Triptych, Step 3

This is the third installment on the triptych I’m producing for Light of Christ Anglican Church. You can find the first two installments on this blog or by clicking on the hyperlinks below.
To the left, you can see photos of the various stages of my most recent progress. You can also scroll down to find a video that documents the changes step-by-step.

Installment two ended halfway through the underdrawing of the center panel. As you can see, I have since finished out the underdrawing. In specific, I added the wall of Jerusalem; shaded the figures; included cherubim above the cross; added the initials of each figure; wrote the text for "Jesus of Nazareth King of the Jews" on the headboard; and added the Greek for crucifixion above the cross.

After finishing out the underdrawing, I moved into the underpainting. This underpainting consists of a series of acrylic washings. The first wash was a simple yellow ochre over the entire piece. I followed this with a series of washes, using various combinations of yellow ochre and burnt umber, that added value to the surrounding objects.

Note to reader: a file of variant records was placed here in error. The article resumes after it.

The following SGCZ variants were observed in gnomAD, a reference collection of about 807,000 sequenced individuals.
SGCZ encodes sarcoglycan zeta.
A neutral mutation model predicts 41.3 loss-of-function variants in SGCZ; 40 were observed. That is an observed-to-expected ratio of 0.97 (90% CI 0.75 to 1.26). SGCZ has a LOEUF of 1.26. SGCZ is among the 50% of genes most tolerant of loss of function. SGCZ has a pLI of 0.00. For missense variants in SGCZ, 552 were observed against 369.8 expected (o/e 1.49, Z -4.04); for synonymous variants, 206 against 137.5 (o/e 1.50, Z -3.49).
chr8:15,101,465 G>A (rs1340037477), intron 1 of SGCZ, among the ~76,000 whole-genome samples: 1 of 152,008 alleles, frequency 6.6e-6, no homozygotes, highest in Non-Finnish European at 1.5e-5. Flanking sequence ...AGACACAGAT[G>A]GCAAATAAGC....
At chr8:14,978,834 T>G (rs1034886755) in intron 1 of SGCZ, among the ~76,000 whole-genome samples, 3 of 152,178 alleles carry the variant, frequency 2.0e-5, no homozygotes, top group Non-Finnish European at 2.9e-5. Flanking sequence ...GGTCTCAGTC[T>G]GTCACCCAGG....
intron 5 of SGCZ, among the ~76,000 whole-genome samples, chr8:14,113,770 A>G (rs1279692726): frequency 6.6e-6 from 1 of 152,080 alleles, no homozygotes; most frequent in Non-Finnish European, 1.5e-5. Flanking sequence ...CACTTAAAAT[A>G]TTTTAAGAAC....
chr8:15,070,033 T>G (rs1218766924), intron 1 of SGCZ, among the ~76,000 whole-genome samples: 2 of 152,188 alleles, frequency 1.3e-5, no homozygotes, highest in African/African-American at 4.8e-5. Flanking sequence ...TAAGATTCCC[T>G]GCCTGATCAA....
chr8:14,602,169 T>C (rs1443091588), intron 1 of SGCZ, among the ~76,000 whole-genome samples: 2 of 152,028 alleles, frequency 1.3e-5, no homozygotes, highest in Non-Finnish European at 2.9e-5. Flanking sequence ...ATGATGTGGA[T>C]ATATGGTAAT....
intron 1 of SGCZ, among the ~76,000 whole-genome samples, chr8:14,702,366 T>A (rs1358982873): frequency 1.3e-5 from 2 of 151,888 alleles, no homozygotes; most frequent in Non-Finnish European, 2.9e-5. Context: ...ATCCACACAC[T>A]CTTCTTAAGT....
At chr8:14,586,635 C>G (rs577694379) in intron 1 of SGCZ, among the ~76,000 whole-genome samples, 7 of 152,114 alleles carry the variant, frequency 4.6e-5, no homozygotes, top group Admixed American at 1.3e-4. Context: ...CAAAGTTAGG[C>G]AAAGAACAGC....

The final stage was the initial application of gold leaf to the halos of the Theotokos, Jesus, and John. In this first application, I used acrylic gold paint. In the final stages, I will cover this with gold leaf. 

In my next installment, I will move into oil paint. So, be watching for more.

(NOTE: This post was originally published back in 2013, but was accidentally deleted. Thankfully I managed to recover its content, but the original date and comments have been lost.)